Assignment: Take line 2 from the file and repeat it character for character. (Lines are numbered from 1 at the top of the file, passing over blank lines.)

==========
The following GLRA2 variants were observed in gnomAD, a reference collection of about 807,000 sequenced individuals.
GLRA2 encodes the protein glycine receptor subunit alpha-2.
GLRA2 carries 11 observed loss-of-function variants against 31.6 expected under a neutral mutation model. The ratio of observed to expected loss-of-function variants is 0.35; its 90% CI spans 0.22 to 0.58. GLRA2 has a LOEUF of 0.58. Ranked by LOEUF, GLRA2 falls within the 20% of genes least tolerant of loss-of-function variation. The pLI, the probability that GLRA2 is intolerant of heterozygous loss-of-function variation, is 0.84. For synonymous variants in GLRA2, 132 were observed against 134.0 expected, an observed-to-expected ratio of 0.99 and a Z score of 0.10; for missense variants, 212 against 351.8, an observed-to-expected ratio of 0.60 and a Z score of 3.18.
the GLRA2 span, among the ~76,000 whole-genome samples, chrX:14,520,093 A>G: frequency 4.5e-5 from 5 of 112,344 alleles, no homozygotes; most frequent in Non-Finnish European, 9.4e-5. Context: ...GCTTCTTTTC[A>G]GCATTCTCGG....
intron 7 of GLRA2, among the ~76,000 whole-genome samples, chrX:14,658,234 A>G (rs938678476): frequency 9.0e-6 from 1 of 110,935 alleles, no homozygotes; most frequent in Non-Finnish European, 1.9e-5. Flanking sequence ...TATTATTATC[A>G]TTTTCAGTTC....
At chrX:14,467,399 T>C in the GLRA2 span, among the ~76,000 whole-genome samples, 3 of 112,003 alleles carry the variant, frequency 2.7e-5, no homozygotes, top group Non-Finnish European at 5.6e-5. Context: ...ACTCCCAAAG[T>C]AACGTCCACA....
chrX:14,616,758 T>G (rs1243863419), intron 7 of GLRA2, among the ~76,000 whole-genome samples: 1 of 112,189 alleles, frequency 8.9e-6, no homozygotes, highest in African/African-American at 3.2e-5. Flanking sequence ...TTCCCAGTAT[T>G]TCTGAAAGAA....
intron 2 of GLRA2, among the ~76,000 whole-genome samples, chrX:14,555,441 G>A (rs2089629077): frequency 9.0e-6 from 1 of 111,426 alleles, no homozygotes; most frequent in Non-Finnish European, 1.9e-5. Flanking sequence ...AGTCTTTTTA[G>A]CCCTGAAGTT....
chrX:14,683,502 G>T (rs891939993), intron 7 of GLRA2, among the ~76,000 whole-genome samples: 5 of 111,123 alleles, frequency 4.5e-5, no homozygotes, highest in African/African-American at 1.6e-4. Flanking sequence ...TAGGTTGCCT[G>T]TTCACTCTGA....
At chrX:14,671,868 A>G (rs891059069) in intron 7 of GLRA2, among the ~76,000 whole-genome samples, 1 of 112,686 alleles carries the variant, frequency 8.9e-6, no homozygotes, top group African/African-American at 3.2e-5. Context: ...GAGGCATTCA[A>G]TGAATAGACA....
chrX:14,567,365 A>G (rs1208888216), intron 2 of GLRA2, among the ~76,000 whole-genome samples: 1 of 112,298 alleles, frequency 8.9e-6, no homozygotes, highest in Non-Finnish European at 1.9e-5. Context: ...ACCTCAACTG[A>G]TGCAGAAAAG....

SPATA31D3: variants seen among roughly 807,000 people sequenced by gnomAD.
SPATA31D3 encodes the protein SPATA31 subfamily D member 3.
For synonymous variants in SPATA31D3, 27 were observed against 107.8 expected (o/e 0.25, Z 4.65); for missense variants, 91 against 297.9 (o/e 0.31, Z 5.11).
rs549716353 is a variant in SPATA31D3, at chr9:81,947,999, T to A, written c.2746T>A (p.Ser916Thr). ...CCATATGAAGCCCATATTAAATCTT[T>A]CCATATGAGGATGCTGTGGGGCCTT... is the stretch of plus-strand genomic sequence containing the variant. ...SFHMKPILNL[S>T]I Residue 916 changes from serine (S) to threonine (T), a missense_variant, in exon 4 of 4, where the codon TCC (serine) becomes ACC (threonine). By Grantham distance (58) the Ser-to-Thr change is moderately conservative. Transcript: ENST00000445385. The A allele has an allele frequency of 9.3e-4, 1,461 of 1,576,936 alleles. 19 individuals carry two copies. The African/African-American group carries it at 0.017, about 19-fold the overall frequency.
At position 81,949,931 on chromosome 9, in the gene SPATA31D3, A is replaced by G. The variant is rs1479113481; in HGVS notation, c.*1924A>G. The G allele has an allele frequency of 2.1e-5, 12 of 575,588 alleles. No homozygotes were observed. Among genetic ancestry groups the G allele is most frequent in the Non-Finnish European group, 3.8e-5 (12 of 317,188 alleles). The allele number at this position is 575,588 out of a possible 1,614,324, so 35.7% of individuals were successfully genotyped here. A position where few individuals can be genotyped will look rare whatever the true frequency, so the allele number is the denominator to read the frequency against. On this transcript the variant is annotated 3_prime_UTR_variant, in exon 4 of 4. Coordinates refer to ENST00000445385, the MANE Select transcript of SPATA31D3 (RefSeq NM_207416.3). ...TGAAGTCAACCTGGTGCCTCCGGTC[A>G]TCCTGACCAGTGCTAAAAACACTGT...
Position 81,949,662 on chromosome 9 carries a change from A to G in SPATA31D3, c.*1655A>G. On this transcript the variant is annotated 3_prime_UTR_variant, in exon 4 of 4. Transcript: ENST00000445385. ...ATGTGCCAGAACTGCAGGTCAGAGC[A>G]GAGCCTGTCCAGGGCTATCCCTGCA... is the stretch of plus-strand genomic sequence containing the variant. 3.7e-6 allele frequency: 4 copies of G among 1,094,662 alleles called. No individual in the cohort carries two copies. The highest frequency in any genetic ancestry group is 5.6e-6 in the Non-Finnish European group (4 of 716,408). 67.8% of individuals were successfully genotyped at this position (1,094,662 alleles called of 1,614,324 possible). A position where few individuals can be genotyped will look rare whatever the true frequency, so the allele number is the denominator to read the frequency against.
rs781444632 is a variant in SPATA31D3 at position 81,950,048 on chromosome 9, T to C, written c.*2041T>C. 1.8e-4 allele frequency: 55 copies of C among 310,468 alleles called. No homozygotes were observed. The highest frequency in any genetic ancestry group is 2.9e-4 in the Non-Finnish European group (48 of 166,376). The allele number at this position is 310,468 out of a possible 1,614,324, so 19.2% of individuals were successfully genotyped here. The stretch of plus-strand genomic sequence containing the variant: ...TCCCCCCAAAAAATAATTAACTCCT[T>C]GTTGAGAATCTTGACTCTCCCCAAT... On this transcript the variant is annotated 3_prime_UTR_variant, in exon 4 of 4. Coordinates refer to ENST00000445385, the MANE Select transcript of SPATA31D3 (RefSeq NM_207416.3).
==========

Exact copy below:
GLRA2 encodes the protein glycine receptor subunit alpha-2.